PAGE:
Title

Variation in use and outcomes related to midline catheters: results from a multicentre pilot study.

Document Type

Article

Publication Date

3-18-2019

Publication Title

BMJ Qual Saf

Abstract

BACKGROUND: While midline vascular catheters are gaining popularity in clinical practice, patterns of use and outcomes related to these devices are not well known. METHODS: Trained abstractors collected data from medical records of hospitalised patients who received midline catheters in 12 hospitals. Device characteristics, patterns of use and outcomes were assessed at device removal or at 30 days. Rates of major (upper-extremity deep vein thrombosis [DVT], bloodstream infection [BSI] and catheter occlusion) and minor complications were assessed. chi(2) tests were used to examine differences in rates of complication by number of lumens, reasons for catheter removal l, and hospital-level differences in rates of midline use. RESULTS: Complete data on 1161 midlines representing 5%-72% of all midlines placed in participating hospitals between 1 January 2017 and 1 March 2018 were available. Most (70.8%) midlines were placed in general ward settings for difficult intravenous access (61.4%). The median dwell time of midlines across hospitals was 6 days; almost half (49%) were removed within 5 days of insertion. A major or minor complication occurred in 10.3% of midlines, with minor complications such as dislodgement, leaking and infiltration accounting for 71% of all adverse events. While rates of major complications including occlusion, upper-extremity DVT and BSI were low (2.2%, 1.4% and 0.3%, respectively), they were just as likely to lead to midline removal as minor complications (53.8% vs 52.5%, p=0.90). Across hospitals, absolute volume of midlines placed varied from 100 to 1837 devices, with corresponding utilisation rates of 0.97%-12.92% (p<0.001). CONCLUSION: Midline use and outcomes vary widely across hospitals. Although rates of major complications are low, device removal as a result of adverse events is common.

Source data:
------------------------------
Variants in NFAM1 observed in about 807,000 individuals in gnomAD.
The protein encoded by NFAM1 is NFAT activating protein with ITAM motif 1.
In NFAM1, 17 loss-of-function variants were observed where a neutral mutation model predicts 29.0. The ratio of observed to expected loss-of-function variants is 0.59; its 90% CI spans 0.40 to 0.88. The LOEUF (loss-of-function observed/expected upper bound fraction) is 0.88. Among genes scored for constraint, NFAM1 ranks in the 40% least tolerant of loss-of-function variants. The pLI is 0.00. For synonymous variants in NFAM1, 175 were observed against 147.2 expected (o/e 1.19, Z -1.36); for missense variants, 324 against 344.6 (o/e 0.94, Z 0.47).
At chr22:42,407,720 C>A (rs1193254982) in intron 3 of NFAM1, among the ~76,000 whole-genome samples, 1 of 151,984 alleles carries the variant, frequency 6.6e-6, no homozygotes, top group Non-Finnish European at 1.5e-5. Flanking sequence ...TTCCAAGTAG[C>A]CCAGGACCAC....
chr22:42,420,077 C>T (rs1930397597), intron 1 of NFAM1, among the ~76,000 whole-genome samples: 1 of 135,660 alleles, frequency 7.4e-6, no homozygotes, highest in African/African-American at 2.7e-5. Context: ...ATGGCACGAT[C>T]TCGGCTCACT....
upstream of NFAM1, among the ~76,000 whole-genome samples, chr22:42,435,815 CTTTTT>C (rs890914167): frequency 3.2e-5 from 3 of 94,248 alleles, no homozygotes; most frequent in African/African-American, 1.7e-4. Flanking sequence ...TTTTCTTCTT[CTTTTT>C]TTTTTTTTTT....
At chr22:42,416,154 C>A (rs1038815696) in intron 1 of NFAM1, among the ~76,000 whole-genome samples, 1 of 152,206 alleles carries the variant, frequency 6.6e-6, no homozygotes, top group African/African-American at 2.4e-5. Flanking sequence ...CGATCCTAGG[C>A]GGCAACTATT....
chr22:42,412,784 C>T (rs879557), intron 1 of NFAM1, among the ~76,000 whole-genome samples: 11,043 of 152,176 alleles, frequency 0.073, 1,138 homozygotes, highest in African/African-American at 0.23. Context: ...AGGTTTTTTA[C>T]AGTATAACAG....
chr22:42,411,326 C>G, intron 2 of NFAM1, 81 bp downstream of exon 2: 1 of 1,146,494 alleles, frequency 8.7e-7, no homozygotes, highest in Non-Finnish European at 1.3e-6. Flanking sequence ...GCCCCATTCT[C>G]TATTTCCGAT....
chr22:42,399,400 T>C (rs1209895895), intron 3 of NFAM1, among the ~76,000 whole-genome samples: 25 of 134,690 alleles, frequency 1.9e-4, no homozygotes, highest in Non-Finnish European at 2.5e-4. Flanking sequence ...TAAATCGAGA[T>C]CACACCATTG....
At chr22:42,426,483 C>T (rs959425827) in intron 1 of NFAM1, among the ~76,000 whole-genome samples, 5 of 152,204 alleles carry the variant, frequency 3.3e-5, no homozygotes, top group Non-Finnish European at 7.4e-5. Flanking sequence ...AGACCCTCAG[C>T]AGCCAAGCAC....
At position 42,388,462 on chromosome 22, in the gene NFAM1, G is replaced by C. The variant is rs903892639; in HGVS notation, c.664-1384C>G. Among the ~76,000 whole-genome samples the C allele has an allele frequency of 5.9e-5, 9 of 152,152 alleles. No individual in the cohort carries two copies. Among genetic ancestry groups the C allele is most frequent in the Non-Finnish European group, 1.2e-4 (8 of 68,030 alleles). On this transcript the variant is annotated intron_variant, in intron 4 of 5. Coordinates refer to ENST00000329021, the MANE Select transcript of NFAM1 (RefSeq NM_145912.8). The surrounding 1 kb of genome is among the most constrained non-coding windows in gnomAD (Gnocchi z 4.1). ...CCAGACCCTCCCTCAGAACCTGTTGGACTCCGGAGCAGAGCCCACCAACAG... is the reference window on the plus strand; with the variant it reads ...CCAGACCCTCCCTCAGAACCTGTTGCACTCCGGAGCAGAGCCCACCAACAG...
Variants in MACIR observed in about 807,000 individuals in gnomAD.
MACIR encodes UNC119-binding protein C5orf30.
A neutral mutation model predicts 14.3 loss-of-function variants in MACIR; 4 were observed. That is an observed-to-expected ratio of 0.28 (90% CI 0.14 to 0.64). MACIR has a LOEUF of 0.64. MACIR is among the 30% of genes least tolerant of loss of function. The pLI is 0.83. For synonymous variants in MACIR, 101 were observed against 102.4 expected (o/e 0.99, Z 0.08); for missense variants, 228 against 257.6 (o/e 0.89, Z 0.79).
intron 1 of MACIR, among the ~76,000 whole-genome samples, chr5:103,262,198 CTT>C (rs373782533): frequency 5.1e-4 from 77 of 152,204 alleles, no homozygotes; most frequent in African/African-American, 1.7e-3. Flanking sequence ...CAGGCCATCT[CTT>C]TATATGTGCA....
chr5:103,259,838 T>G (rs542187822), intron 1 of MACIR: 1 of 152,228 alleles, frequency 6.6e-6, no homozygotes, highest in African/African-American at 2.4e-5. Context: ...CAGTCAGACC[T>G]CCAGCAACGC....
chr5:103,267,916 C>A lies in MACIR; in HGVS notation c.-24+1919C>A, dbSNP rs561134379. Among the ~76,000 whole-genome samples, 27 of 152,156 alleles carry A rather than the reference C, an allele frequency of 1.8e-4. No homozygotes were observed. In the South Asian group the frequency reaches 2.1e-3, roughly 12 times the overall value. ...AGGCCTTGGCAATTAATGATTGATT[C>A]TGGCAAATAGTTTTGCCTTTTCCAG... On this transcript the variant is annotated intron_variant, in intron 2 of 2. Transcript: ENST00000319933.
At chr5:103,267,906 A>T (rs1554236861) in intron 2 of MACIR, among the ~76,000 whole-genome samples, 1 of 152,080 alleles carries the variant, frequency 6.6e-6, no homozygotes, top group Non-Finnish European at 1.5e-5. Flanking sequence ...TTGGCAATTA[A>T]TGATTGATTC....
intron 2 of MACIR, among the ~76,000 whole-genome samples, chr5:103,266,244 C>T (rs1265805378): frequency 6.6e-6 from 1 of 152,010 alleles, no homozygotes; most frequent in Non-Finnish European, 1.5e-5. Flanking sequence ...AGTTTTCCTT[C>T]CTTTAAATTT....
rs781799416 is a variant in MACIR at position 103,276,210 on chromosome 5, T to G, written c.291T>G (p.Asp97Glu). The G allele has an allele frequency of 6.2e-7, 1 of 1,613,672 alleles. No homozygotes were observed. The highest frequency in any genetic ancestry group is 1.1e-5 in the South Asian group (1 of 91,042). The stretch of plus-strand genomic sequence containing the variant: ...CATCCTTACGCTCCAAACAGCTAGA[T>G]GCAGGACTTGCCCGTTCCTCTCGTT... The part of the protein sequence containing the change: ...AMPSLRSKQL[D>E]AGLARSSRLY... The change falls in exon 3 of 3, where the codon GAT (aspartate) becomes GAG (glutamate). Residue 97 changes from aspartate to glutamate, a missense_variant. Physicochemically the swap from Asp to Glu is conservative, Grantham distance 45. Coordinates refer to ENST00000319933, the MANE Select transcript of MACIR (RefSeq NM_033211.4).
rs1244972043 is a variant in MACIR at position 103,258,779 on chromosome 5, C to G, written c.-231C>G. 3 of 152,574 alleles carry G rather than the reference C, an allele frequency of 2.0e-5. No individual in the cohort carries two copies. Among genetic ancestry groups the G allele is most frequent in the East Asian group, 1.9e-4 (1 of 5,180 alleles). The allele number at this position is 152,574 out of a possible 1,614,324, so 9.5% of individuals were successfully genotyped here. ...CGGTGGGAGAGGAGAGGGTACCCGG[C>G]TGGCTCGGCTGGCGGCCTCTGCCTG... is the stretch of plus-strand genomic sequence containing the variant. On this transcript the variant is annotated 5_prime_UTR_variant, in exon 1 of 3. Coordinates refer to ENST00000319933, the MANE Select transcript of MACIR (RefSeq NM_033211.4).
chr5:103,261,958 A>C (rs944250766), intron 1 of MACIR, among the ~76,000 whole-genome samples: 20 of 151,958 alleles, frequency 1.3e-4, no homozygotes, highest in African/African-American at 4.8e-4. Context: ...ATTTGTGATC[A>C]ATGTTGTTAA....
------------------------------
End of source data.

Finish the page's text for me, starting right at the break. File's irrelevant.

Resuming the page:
PubMed ID

30886119

ePublication

ePub ahead of print

Share

COinS